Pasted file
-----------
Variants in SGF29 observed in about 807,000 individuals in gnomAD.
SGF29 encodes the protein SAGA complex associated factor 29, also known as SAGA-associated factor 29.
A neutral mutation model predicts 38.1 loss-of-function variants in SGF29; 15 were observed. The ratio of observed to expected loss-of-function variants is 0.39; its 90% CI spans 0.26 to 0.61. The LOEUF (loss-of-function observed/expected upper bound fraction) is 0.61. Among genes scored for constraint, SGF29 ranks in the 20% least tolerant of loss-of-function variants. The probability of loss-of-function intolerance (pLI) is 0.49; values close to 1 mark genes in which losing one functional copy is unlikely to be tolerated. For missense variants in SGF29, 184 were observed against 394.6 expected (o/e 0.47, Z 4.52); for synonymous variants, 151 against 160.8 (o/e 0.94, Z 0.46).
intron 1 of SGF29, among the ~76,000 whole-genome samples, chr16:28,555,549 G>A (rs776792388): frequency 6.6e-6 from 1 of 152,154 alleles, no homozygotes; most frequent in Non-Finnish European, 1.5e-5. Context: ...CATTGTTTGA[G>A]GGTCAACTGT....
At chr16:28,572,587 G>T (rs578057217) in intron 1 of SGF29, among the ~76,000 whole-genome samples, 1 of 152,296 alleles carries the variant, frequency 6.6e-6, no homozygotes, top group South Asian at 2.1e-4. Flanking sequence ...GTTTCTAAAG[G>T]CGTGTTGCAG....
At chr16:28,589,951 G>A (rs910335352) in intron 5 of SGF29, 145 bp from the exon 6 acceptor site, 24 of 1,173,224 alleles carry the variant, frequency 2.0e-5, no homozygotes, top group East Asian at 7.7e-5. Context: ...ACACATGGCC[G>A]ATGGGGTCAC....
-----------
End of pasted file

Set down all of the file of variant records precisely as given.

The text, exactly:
Variants in SGF29 observed in about 807,000 individuals in gnomAD.
SGF29 encodes the protein SAGA complex associated factor 29, also known as SAGA-associated factor 29.
A neutral mutation model predicts 38.1 loss-of-function variants in SGF29; 15 were observed. The ratio of observed to expected loss-of-function variants is 0.39; its 90% CI spans 0.26 to 0.61. The LOEUF (loss-of-function observed/expected upper bound fraction) is 0.61. Among genes scored for constraint, SGF29 ranks in the 20% least tolerant of loss-of-function variants. The probability of loss-of-function intolerance (pLI) is 0.49; values close to 1 mark genes in which losing one functional copy is unlikely to be tolerated. For missense variants in SGF29, 184 were observed against 394.6 expected (o/e 0.47, Z 4.52); for synonymous variants, 151 against 160.8 (o/e 0.94, Z 0.46).
intron 1 of SGF29, among the ~76,000 whole-genome samples, chr16:28,555,549 G>A (rs776792388): frequency 6.6e-6 from 1 of 152,154 alleles, no homozygotes; most frequent in Non-Finnish European, 1.5e-5. Context: ...CATTGTTTGA[G>A]GGTCAACTGT....
At chr16:28,572,587 G>T (rs578057217) in intron 1 of SGF29, among the ~76,000 whole-genome samples, 1 of 152,296 alleles carries the variant, frequency 6.6e-6, no homozygotes, top group South Asian at 2.1e-4. Flanking sequence ...GTTTCTAAAG[G>T]CGTGTTGCAG....
At chr16:28,589,951 G>A (rs910335352) in intron 5 of SGF29, 145 bp from the exon 6 acceptor site, 24 of 1,173,224 alleles carry the variant, frequency 2.0e-5, no homozygotes, top group East Asian at 7.7e-5. Context: ...ACACATGGCC[G>A]ATGGGGTCAC....